The Hieromartyr Basil, Bishop of Amasea, lived at the beginning of the fourth century in the Pontine city of Amasea. He encouraged and comforted the Christians, suffering persecution by the pagans. During this time the Eastern part of the Roman empire was ruled by Licinius (312-324), a relative by marriage to the holy Equal-to-the-Apostles emperor Constantine the Great (306-337). Licinius deceitfully undersigned Constantine’s “Edict of Religious Toleration” (313), which permitted the freely open confession of Christianity, but at heart he hated Christians and continued to persecute them to return to paganism.
Licinius burned with passion for a maid-servant of his wife Constancia, the Righteous Virgin Glaphyra. The holy maid reported about this to the empress and sought her intercession. Having dressed her in men’s attire and provided her with money, the empress Constancia sent her away from the city in the company of a devoted servant. They told the emperor that the maid-servant had gone mad and lay near death. Righteous Glaphyra on the road to Armenia stayed in the city of Amasea, where the local bishop, Saint Basil, gave her shelter.
At this time the saint was building a church in the city. Righteous Glaphyra for its construction gave over all the money that she had received from Constancia, and in a letter to the empress she besought her to send additional funds to complete the church. The empress fulfilled her request. But the letter of Righteous Galphyra fell into the hands of the emperor. The enraged Licinius demanded the governor of Amasea to send him the sainted hierarch and the maid-servant. Righteous Galphyra died (+322) before the edict arrived in Amasea. They dispatched Saint Basil to the emperor. Two deacons, Parthenias and Thestimos, followed after him and lodged near the prison where they locked up the saint.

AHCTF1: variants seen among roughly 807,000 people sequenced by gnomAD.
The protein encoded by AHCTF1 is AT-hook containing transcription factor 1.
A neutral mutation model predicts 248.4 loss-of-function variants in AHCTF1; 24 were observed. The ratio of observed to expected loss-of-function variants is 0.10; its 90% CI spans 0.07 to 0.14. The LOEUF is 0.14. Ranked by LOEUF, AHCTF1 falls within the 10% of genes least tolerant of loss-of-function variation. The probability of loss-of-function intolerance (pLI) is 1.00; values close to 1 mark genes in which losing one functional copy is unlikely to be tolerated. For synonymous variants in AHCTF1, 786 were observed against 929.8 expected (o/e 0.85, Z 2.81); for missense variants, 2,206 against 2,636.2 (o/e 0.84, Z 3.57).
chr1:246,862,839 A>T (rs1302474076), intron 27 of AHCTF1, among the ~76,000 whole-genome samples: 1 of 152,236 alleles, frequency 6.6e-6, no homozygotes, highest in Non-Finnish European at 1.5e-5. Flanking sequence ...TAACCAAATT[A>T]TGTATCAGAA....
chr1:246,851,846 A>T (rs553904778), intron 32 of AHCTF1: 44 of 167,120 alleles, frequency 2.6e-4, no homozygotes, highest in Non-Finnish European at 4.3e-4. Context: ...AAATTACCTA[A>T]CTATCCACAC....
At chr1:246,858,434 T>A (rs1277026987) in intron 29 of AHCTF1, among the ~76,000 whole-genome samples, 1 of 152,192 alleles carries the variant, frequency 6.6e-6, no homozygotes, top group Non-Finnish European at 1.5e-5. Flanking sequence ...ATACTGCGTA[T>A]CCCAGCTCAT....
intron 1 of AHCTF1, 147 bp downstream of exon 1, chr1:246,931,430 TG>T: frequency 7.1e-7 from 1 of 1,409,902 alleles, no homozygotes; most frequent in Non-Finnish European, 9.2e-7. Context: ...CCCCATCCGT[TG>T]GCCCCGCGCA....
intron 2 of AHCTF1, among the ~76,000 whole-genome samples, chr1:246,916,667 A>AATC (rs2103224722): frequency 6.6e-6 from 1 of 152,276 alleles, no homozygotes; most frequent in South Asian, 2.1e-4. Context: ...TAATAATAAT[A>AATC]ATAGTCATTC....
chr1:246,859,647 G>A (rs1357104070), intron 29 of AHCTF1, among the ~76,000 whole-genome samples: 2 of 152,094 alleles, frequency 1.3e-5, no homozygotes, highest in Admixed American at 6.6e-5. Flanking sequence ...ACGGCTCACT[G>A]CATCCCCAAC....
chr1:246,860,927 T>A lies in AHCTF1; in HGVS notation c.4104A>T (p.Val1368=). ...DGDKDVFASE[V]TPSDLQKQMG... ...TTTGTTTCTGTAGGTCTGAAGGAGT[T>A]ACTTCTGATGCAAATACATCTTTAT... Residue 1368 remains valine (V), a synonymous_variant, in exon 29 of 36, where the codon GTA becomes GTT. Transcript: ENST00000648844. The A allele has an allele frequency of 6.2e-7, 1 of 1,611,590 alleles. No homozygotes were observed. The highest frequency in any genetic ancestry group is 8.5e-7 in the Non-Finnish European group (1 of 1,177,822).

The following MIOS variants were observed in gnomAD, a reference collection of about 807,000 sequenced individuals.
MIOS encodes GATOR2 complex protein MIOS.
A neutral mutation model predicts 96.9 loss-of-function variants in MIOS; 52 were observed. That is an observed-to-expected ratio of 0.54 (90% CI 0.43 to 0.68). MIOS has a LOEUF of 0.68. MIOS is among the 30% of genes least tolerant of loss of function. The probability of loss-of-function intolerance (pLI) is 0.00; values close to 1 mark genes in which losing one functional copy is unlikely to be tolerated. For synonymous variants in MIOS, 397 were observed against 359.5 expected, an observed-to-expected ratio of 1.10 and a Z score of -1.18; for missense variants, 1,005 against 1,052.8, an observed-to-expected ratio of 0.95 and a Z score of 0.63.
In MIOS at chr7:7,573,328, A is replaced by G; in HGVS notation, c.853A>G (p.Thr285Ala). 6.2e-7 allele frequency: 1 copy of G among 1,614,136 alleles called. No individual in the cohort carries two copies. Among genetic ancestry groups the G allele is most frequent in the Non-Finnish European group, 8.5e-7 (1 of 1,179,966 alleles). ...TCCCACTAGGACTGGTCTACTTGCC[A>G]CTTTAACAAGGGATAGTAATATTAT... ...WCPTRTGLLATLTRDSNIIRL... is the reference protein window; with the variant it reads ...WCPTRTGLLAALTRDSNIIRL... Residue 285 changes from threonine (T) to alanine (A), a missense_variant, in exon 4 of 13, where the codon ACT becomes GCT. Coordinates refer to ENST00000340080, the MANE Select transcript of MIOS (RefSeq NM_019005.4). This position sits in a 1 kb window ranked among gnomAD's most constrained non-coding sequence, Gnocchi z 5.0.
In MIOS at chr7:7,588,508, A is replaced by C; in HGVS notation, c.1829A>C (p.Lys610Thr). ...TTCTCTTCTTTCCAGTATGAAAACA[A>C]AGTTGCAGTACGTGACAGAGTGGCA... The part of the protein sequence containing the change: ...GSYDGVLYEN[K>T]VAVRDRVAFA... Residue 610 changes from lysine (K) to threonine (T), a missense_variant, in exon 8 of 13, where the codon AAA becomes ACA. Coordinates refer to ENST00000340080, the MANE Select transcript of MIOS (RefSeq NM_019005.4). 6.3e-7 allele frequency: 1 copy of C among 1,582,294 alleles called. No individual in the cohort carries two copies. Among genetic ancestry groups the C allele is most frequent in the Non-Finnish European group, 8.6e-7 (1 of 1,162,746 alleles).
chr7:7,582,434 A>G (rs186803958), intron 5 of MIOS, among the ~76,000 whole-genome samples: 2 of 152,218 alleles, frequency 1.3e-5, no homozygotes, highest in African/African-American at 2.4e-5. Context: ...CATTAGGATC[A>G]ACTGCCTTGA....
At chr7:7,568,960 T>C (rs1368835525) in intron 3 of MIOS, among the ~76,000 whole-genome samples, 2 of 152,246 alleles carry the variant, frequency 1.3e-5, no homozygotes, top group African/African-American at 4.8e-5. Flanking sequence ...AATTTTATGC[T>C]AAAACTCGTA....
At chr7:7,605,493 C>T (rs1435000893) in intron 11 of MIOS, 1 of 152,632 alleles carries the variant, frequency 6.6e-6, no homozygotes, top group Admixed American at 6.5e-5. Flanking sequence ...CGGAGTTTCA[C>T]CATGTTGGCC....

The pious Christian Elpidyphoros bribed the jailer and each night together with Parthenias and Thestimos he visited the saint. On the eve of the trial day of the saint he sang psalms and the words “if I be at the very depths of the sea, even there wilt Thy hand guide me and Thine right hand hold me” (Ps. 138:9-10) – and thrice he broke down into tears. The deacons were apprehensive that the saint would be in distress over the coming torments, but he calmed them.
At the trial Saint Basil resolutely refused the suggestion of the emperor to become a pagan high-priest, and therefore he was sentenced to death. Elpidyphoros got to the soldiers with money, and they allowed the saint to pray and to speak with his friends before the execution. After this, the saint said to the executioner: “Friend, do what thou art ordered to,” and calmly he bent beneath the blow of the sword.
When the martyr had been beheaded, Elpidyphoros tried to ransom his remains from the soldiers. But the soldiers were afraid of the emperor and they threw the body and head of the saint into the sea. After this, three times in a dream an Angel of God appeared before Elpidyphoros with the words: “Bishop Basil is in Sinope and doth await you.” Heeding this call, Elpidyphoros and the deacons sailed to Sinope and there they hired fishermen to lower their nets. When they lowered the net on the suggestion of the deacons Thestimos and Parthenias, they came up with nothing. Thereupon Elpidyphoros declared, that he would ask them to lower the net in the Name of the God, Whom he did worship. This time the net brought up the body of Saint Basil. The head had come back together with it, and only the gash on the neck indicated the strike of the sword. The relics of Saint Basil were conveyed to Amasea and buried in the church built by him.